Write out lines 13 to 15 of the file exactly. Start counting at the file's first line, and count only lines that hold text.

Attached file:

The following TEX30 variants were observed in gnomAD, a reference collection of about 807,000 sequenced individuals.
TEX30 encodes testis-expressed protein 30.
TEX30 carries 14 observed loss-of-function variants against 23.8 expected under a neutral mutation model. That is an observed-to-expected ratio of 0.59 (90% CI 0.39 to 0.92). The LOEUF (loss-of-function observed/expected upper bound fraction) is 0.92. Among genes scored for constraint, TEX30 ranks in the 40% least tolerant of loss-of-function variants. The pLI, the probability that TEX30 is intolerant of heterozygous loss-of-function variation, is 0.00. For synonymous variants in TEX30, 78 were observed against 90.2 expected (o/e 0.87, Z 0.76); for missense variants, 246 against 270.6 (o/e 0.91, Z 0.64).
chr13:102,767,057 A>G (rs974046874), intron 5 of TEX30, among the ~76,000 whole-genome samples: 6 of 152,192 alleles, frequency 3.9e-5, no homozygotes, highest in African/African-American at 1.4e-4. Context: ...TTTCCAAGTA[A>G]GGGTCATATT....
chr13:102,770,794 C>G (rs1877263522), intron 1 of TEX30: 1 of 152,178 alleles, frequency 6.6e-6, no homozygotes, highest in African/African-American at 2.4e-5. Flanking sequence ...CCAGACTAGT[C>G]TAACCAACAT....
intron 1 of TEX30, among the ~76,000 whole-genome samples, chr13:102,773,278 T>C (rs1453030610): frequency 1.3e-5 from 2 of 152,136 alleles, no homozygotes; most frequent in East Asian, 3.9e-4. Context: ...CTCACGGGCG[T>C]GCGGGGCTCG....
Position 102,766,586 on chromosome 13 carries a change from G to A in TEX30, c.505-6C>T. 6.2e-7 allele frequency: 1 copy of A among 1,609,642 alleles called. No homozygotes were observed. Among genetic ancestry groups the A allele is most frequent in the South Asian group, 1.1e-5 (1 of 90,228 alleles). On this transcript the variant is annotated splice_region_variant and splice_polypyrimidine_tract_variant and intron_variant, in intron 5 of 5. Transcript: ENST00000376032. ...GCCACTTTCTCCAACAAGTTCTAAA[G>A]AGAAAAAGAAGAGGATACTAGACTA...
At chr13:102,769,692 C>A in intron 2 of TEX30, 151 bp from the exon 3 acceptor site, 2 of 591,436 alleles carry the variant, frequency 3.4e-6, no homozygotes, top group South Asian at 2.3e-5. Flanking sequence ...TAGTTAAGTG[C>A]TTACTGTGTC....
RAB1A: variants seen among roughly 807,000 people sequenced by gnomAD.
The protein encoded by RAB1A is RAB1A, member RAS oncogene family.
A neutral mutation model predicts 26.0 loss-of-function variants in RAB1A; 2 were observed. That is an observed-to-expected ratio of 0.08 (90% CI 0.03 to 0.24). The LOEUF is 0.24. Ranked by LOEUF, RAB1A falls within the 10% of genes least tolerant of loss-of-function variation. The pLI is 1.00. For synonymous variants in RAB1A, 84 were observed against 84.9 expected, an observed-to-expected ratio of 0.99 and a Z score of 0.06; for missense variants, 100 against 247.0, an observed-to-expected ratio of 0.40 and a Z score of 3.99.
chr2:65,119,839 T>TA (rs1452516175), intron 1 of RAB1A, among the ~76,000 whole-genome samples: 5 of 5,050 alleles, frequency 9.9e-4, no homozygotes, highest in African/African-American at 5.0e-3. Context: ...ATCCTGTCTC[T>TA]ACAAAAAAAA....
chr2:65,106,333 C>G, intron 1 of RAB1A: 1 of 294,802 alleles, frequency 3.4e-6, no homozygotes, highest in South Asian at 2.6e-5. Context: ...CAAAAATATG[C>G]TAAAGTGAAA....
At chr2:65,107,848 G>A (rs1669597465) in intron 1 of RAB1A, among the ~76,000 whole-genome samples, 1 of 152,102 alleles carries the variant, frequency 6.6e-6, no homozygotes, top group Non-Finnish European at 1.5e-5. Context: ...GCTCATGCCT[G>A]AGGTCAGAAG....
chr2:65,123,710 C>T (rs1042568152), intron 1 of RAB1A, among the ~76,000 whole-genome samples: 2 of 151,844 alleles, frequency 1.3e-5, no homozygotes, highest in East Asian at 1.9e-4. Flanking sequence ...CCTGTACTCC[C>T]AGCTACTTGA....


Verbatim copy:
chr2:65,106,333 C>G, intron 1 of RAB1A: 1 of 294,802 alleles, frequency 3.4e-6, no homozygotes, highest in South Asian at 2.6e-5. Context: ...CAAAAATATG[C>G]TAAAGTGAAA....
At chr2:65,107,848 G>A (rs1669597465) in intron 1 of RAB1A, among the ~76,000 whole-genome samples, 1 of 152,102 alleles carries the variant, frequency 6.6e-6, no homozygotes, top group Non-Finnish European at 1.5e-5. Context: ...GCTCATGCCT[G>A]AGGTCAGAAG....
chr2:65,123,710 C>T (rs1042568152), intron 1 of RAB1A, among the ~76,000 whole-genome samples: 2 of 151,844 alleles, frequency 1.3e-5, no homozygotes, highest in East Asian at 1.9e-4. Flanking sequence ...CCTGTACTCC[C>T]AGCTACTTGA....